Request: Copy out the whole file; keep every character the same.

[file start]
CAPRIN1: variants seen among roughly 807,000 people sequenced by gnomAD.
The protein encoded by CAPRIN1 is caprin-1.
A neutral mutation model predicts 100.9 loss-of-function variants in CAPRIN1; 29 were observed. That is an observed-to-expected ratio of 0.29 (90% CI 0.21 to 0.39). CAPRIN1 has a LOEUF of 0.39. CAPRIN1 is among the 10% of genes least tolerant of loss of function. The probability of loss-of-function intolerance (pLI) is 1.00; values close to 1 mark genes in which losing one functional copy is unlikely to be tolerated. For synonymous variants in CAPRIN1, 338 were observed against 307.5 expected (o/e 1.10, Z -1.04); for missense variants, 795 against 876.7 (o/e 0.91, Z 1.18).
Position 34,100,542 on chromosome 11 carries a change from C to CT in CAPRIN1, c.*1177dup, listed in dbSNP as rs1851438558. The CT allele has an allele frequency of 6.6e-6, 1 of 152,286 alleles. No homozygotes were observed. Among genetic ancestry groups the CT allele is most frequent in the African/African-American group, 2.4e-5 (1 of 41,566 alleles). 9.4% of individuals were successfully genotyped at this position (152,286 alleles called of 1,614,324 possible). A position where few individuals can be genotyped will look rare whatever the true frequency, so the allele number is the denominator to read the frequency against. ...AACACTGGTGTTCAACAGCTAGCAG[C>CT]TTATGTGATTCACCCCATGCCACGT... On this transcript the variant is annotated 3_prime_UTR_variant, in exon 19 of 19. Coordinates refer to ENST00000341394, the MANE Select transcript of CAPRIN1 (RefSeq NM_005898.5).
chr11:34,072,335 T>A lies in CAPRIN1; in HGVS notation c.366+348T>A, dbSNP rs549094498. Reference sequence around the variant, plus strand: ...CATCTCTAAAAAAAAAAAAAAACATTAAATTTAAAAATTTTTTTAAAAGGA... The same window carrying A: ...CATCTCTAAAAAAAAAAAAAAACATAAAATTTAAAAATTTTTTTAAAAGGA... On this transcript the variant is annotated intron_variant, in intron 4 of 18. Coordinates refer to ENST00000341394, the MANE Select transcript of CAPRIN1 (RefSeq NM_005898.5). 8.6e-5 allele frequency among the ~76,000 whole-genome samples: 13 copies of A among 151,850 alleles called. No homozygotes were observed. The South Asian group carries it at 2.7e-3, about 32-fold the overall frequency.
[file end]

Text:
CAPRIN1: variants seen among roughly 807,000 people sequenced by gnomAD.
The protein encoded by CAPRIN1 is caprin-1.
A neutral mutation model predicts 100.9 loss-of-function variants in CAPRIN1; 29 were observed. That is an observed-to-expected ratio of 0.29 (90% CI 0.21 to 0.39). CAPRIN1 has a LOEUF of 0.39. CAPRIN1 is among the 10% of genes least tolerant of loss of function. The probability of loss-of-function intolerance (pLI) is 1.00; values close to 1 mark genes in which losing one functional copy is unlikely to be tolerated. For synonymous variants in CAPRIN1, 338 were observed against 307.5 expected (o/e 1.10, Z -1.04); for missense variants, 795 against 876.7 (o/e 0.91, Z 1.18).
Position 34,100,542 on chromosome 11 carries a change from C to CT in CAPRIN1, c.*1177dup, listed in dbSNP as rs1851438558. The CT allele has an allele frequency of 6.6e-6, 1 of 152,286 alleles. No homozygotes were observed. Among genetic ancestry groups the CT allele is most frequent in the African/African-American group, 2.4e-5 (1 of 41,566 alleles). 9.4% of individuals were successfully genotyped at this position (152,286 alleles called of 1,614,324 possible). A position where few individuals can be genotyped will look rare whatever the true frequency, so the allele number is the denominator to read the frequency against. ...AACACTGGTGTTCAACAGCTAGCAG[C>CT]TTATGTGATTCACCCCATGCCACGT... On this transcript the variant is annotated 3_prime_UTR_variant, in exon 19 of 19. Coordinates refer to ENST00000341394, the MANE Select transcript of CAPRIN1 (RefSeq NM_005898.5).
chr11:34,072,335 T>A lies in CAPRIN1; in HGVS notation c.366+348T>A, dbSNP rs549094498. Reference sequence around the variant, plus strand: ...CATCTCTAAAAAAAAAAAAAAACATTAAATTTAAAAATTTTTTTAAAAGGA... The same window carrying A: ...CATCTCTAAAAAAAAAAAAAAACATAAAATTTAAAAATTTTTTTAAAAGGA... On this transcript the variant is annotated intron_variant, in intron 4 of 18. Coordinates refer to ENST00000341394, the MANE Select transcript of CAPRIN1 (RefSeq NM_005898.5). 8.6e-5 allele frequency among the ~76,000 whole-genome samples: 13 copies of A among 151,850 alleles called. No homozygotes were observed. The South Asian group carries it at 2.7e-3, about 32-fold the overall frequency.